Honesty is the best policy
As a legal PR company anything to do with PR and communications spikes our interest, and this year has provided communications content in spades. Back in April, at the start of the pandemic, we looked at what we wanted and needed in our communications from the companies and organisations around us. When the virus was still very new to us, and there was a lot of fear, people were craving reassurance, empathy, warmth, solidarity – something that felt like a virtual hug.
However, fast forward eight months and the landscape is very different. Most of us have faced challenges this year that we couldn’t have ever imagined. We have experienced lockdowns, tiers, and furlough. We’ve adopted phrases such as ‘mask-up’, ‘circuit-breakers’ and ‘support bubbles’.
Our world has dramatically changed, and the way in which we communicate with it. A fact recognised this week by the Oxford English Dictionary, which has replaced its annual word of the year with several “Words of an Unprecedented Year”. They include bushfires, Covid-19, WFH, lockdown, circuit-breaker, support bubbles, keyworkers, furlough, Black Lives Matter and moonshot. Words which would have previously been a ‘slam-dunk’ on their own for inclusion.
Casper Grathwohl, the president of Oxford Dictionaries, said: “I’ve never witnessed a year in language like the one we’ve just had. It’s both unprecedented and a little ironic – in a year that left us speechless, 2020 has been filled with new words unlike any other.”
Our grasp and adoption of new language reflects our ‘coming of age’ with the pandemic. We have grown and adapted in order to meet the challenges of the year, and in turn our expectations of the communications we receive from the companies and organisations around us has changed.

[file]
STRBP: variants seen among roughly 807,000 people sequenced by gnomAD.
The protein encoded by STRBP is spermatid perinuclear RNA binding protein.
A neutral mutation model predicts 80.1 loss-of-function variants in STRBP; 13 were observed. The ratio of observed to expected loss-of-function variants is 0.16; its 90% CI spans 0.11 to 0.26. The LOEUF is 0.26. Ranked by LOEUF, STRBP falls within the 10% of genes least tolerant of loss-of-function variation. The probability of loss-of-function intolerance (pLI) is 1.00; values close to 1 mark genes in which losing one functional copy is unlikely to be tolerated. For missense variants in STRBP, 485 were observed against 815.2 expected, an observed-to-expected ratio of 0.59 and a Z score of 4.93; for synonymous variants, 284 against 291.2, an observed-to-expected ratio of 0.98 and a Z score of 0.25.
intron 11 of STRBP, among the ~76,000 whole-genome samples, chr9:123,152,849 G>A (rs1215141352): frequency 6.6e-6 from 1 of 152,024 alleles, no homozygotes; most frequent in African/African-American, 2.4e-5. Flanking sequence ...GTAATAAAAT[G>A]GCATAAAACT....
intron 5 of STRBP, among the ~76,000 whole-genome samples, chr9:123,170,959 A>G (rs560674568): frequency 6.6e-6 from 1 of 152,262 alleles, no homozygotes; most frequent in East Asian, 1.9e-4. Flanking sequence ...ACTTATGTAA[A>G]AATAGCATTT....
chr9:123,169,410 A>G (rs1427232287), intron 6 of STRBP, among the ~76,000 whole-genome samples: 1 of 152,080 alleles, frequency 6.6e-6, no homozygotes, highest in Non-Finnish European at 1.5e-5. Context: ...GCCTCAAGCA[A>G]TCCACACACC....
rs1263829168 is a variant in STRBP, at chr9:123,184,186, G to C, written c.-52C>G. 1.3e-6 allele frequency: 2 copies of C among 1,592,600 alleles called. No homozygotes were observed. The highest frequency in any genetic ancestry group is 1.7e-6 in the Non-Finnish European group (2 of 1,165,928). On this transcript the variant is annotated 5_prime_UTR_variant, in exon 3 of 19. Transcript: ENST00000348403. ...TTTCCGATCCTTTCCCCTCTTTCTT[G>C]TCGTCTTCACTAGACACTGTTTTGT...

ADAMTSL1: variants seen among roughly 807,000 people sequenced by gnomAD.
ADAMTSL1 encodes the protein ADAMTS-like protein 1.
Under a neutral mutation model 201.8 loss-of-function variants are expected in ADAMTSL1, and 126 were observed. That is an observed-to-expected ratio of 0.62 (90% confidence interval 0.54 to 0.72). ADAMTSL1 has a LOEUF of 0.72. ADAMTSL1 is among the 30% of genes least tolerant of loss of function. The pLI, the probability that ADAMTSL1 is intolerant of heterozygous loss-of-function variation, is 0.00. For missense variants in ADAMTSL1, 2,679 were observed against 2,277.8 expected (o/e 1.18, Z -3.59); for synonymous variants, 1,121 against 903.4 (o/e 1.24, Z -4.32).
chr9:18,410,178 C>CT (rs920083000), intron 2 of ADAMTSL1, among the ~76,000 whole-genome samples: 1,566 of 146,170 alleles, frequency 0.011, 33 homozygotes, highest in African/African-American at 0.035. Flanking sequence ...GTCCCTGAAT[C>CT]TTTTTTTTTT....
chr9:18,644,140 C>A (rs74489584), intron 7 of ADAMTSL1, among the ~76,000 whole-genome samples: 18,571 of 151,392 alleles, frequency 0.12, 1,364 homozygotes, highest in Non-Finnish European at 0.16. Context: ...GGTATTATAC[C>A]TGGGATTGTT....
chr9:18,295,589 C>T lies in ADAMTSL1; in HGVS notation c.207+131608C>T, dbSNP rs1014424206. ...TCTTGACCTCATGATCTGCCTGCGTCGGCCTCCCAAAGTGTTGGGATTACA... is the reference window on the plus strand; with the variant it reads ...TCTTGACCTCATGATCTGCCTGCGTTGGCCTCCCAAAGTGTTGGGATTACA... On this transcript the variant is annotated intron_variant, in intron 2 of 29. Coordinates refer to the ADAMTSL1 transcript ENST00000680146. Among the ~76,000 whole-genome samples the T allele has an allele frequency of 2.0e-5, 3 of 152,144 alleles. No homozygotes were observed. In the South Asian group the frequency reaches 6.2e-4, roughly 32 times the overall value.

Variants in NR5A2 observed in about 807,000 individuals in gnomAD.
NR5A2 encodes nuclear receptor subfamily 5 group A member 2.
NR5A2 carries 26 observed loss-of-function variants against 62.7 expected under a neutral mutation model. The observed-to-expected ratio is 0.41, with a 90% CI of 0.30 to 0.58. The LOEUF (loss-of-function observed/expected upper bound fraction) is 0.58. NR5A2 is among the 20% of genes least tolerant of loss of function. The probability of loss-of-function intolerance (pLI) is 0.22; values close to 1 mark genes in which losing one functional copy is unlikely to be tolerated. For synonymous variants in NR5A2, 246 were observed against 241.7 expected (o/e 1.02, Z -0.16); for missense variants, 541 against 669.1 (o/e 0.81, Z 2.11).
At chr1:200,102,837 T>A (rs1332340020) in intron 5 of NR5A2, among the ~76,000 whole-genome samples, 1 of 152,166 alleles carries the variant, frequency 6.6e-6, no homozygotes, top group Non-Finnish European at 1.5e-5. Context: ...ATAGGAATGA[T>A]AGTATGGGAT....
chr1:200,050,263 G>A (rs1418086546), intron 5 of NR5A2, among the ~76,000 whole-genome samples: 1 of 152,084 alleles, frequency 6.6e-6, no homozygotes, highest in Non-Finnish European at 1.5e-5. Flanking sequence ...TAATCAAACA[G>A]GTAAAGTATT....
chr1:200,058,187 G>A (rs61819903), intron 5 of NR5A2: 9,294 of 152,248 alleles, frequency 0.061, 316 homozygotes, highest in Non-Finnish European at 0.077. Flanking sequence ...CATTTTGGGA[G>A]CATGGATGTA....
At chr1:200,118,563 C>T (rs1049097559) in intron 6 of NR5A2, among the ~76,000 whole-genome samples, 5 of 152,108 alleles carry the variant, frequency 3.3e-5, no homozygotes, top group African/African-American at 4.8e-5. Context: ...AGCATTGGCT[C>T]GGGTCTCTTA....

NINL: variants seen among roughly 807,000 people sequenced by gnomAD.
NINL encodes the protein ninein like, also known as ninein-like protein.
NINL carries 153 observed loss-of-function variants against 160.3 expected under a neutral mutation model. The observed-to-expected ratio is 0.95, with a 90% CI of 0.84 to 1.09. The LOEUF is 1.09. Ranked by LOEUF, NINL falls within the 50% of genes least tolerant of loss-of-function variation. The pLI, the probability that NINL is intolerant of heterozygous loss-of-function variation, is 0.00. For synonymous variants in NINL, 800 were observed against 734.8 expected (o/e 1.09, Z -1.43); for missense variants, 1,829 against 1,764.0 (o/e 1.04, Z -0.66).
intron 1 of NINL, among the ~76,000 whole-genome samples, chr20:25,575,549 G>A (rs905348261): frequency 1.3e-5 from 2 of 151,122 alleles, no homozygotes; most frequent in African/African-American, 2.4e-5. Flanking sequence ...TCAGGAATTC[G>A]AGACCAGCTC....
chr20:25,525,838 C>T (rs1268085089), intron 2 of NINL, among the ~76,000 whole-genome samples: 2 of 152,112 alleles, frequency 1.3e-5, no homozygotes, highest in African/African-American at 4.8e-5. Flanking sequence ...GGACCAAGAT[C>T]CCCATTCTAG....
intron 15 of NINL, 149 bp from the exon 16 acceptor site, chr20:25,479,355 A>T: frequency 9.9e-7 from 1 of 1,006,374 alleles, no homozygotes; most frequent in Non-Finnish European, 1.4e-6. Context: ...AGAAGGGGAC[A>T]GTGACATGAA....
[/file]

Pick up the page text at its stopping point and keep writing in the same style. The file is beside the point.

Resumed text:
Yes, we all still need empathy, warm and reassurance, but what else do we expect? Knowledge, decisiveness, honesty?
In April we identified the supermarket Iceland, Chris Whitty and the ‘Your NHS Needs You’ campaign as being examples of good communications.
So where has it been done right or wrong since?
It goes without saying that Mr. Trump and his tenure as President are never going to win any communications awards. From his internal communications to his public ones, he seems to lurch from one crisis to another, but his handling of the both the virus and the recent election have been public lessons in how not to communicate.
From painful White House briefings where he rambled about injecting cleaning agents, and light rays, to petulant tweets where he tried to call a stop to the counting of votes in a bid to stave off the end of his presidency, Trump has gone against everything that is key to good communication. He has not been well informed before speaking publicly, he has not admitted when topics fall beyond his realm of expertise, he has not been honest and he hasn’t shown effective and decisive handling of the pandemic.
Poor old Dom and his bad eyes… During what was a gruelling lockdown for the country, with many separated from family for months, and others facing severe financial hardship, the Prime Minister’s senior adviser made some serious errors of judgment. Leaving his home to travel a considerable distance while displaying signs of the virus was bad enough in itself. The biggest fallout occurred however, when he tried to justify it. The rules were quite clear, and Mr Cummings had broken them. As ever, the power of simply acknowledging this and apologising would have gone some way in assuaging the public. However, his repeated denials and reasoning simply added daily fuel to a fire. As we all know, honesty is the best (communications) policy.
Hopping back over the pond, Trump’s rival and the new President-elect, has shown himself to be a stark contrast to his opposition. While Trump ranted and fumed over election results, launched legal challenges left, right and centre and refused to leave the White House, Joe Biden took a more measured approach. He stood back from the popular rhetoric and he allowed the facts to speak for themselves. In the weeks that have followed, Biden has largely ignored the obstacles that Trump has, childishly, tried to place in his way and has gone about quietly and steadily forming the next government of the world’s most powerful country.
His more measured and knowledgeable approach, being in direct contrast to his predecessor, is likely to put him in good stead for his presidency.
One of the many things that we will all take away from 2020 is that open, honest and informed communication will never go out of fashion. Whether it’s an election, an unprecedented global pandemic or an error in judgement – honesty is key.